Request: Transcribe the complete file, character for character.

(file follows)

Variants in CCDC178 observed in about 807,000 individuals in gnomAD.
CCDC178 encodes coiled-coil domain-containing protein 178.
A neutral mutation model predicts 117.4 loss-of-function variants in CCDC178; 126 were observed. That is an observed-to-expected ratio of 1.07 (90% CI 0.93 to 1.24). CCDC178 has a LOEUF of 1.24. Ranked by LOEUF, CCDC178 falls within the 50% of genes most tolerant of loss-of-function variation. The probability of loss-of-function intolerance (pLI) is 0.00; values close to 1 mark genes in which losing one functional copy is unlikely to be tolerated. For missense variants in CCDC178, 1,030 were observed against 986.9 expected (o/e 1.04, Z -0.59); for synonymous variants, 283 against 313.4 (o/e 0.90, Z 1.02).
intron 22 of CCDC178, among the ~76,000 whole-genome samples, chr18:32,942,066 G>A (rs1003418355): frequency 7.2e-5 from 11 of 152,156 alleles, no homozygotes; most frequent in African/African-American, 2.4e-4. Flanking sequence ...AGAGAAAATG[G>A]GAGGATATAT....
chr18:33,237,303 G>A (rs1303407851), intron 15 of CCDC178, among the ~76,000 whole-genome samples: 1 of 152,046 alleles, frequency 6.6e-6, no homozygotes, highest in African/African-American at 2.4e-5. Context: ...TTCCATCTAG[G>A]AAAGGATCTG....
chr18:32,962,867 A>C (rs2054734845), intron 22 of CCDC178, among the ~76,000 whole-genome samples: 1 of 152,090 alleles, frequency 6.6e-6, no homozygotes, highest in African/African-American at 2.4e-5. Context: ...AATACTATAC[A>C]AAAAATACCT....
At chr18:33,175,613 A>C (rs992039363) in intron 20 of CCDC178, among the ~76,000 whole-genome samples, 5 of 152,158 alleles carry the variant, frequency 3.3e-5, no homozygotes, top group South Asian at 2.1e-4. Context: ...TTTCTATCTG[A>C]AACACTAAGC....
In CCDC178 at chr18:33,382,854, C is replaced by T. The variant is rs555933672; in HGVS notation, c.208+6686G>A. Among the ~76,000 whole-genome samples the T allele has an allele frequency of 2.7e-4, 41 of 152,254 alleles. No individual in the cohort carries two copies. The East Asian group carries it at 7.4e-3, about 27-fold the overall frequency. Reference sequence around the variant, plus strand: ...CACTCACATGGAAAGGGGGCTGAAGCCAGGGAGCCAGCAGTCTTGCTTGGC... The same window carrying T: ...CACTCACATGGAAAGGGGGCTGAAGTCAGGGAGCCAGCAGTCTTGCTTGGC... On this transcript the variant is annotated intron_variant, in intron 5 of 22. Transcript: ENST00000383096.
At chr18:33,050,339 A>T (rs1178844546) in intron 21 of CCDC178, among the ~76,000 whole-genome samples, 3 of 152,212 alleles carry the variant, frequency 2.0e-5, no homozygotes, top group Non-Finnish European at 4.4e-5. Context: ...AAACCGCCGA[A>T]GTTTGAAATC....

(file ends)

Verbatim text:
Variants in CCDC178 observed in about 807,000 individuals in gnomAD.
CCDC178 encodes coiled-coil domain-containing protein 178.
A neutral mutation model predicts 117.4 loss-of-function variants in CCDC178; 126 were observed. That is an observed-to-expected ratio of 1.07 (90% CI 0.93 to 1.24). CCDC178 has a LOEUF of 1.24. Ranked by LOEUF, CCDC178 falls within the 50% of genes most tolerant of loss-of-function variation. The probability of loss-of-function intolerance (pLI) is 0.00; values close to 1 mark genes in which losing one functional copy is unlikely to be tolerated. For missense variants in CCDC178, 1,030 were observed against 986.9 expected (o/e 1.04, Z -0.59); for synonymous variants, 283 against 313.4 (o/e 0.90, Z 1.02).
intron 22 of CCDC178, among the ~76,000 whole-genome samples, chr18:32,942,066 G>A (rs1003418355): frequency 7.2e-5 from 11 of 152,156 alleles, no homozygotes; most frequent in African/African-American, 2.4e-4. Flanking sequence ...AGAGAAAATG[G>A]GAGGATATAT....
chr18:33,237,303 G>A (rs1303407851), intron 15 of CCDC178, among the ~76,000 whole-genome samples: 1 of 152,046 alleles, frequency 6.6e-6, no homozygotes, highest in African/African-American at 2.4e-5. Context: ...TTCCATCTAG[G>A]AAAGGATCTG....
chr18:32,962,867 A>C (rs2054734845), intron 22 of CCDC178, among the ~76,000 whole-genome samples: 1 of 152,090 alleles, frequency 6.6e-6, no homozygotes, highest in African/African-American at 2.4e-5. Context: ...AATACTATAC[A>C]AAAAATACCT....
At chr18:33,175,613 A>C (rs992039363) in intron 20 of CCDC178, among the ~76,000 whole-genome samples, 5 of 152,158 alleles carry the variant, frequency 3.3e-5, no homozygotes, top group South Asian at 2.1e-4. Context: ...TTTCTATCTG[A>C]AACACTAAGC....
In CCDC178 at chr18:33,382,854, C is replaced by T. The variant is rs555933672; in HGVS notation, c.208+6686G>A. Among the ~76,000 whole-genome samples the T allele has an allele frequency of 2.7e-4, 41 of 152,254 alleles. No individual in the cohort carries two copies. The East Asian group carries it at 7.4e-3, about 27-fold the overall frequency. Reference sequence around the variant, plus strand: ...CACTCACATGGAAAGGGGGCTGAAGCCAGGGAGCCAGCAGTCTTGCTTGGC... The same window carrying T: ...CACTCACATGGAAAGGGGGCTGAAGTCAGGGAGCCAGCAGTCTTGCTTGGC... On this transcript the variant is annotated intron_variant, in intron 5 of 22. Transcript: ENST00000383096.
At chr18:33,050,339 A>T (rs1178844546) in intron 21 of CCDC178, among the ~76,000 whole-genome samples, 3 of 152,212 alleles carry the variant, frequency 2.0e-5, no homozygotes, top group Non-Finnish European at 4.4e-5. Context: ...AAACCGCCGA[A>T]GTTTGAAATC....